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DOE Ecological Research Facility Tests Ecosystem Models
Published: August 16, 2004
Posted: August 26, 2004

A paper to be published in the August issue of Ecological Monographs, authored by nine DOE/Office of Science researchers and 10 of their collaborators from a total of 13 institutions, presents a comprehensive test of the ability of 13 ecosystem models to simulate exchanges of carbon and water between a forest and the atmosphere. The model testing used eight years (1993-2000) of data from DOE's Throughfall Displacement Experiment at the Oak Ridge National Laboratory (an Office of Science ecosystem research facility) and other data collected on the DOE Oak Ridge National Environmental Research Park; this represents the longest experimental dataset used to test the largest number of ecosystem models ever. Models that included more detailed energy balance and carbon metabolism calculations provided consistently better predictions, indicating that the level of detail in the models is important. Most of the models were able to predict carbon and water exchanges relatively well when growing conditions were favorable, but many models failed during periods of drought, which occurred during several years of the study period. The loss of model accuracy with drought indicates that considerable uncertainty may exist with respect to present predictions of ecological effects of climatic change on forest ecosystems. Although a single model was not the best predictor of all important ecological variables, the mean of all model outputs was a robust predictor of the observations, even under drought. This result indicates that multiple models, rather than a single "best" model, may be needed to reliably predict effects of environmental changes on ecosystem carbon and water balances.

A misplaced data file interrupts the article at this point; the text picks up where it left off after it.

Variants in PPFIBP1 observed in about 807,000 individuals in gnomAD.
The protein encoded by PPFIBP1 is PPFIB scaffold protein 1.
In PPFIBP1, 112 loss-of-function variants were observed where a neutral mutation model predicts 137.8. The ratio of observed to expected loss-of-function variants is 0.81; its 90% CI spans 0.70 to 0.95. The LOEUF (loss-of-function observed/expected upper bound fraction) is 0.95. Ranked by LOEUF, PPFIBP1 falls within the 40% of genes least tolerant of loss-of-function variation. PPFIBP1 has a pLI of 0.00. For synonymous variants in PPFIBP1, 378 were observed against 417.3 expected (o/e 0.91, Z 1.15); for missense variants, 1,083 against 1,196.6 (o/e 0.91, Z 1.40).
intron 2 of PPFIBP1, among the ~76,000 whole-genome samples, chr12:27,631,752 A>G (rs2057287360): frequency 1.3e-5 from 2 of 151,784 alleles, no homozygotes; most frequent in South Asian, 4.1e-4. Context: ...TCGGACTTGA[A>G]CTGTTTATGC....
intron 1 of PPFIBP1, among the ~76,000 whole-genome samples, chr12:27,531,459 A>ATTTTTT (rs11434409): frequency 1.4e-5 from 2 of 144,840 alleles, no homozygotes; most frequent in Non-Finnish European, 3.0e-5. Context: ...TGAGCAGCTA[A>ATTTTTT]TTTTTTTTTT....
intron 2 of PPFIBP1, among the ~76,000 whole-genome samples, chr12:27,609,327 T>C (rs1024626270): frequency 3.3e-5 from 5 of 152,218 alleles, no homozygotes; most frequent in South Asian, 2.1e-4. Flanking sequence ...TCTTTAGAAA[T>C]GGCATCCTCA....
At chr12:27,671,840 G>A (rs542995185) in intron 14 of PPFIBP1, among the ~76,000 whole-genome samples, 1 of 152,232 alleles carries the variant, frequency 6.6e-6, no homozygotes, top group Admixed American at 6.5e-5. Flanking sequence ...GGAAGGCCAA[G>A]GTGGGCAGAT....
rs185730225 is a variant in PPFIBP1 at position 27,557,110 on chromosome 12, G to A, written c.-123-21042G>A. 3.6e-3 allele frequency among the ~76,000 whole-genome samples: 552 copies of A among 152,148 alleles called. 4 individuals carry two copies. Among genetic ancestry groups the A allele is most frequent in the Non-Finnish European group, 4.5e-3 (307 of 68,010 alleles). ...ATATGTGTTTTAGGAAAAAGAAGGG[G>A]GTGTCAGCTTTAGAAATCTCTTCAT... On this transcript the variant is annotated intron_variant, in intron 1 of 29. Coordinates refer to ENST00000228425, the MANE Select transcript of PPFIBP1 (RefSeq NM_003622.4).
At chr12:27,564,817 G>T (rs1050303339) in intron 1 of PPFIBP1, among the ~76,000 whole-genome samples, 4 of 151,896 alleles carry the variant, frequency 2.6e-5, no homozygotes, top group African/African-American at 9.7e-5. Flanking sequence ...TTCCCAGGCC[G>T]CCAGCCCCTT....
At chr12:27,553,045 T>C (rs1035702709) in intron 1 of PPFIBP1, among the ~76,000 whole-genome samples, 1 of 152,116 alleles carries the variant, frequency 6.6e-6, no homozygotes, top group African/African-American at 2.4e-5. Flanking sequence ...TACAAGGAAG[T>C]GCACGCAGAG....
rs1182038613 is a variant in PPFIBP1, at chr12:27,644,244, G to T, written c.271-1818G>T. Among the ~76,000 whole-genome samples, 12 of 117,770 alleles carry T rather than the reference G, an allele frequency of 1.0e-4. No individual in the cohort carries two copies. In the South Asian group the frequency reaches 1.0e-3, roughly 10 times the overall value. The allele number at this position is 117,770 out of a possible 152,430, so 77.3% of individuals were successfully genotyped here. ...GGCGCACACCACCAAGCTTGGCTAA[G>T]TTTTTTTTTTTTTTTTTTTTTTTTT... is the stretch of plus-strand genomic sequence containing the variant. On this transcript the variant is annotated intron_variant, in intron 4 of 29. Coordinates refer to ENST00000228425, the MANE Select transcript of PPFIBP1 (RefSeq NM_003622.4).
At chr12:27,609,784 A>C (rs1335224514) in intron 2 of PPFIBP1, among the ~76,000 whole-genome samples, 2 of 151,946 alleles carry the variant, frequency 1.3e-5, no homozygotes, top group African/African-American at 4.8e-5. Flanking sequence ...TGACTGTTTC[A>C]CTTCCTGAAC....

Contact: Jeff Amthor, SC-74, (301) 903-2507
Topic Areas:

  • Research Area: Terrestrial Ecosystem Science
  • Research Area: Carbon Cycle, Nutrient Cycling

Division: SC-33.1 Earth and Environmental Sciences Division, BER
      (formerly SC-74 Environmental Sciences Division, OBER)


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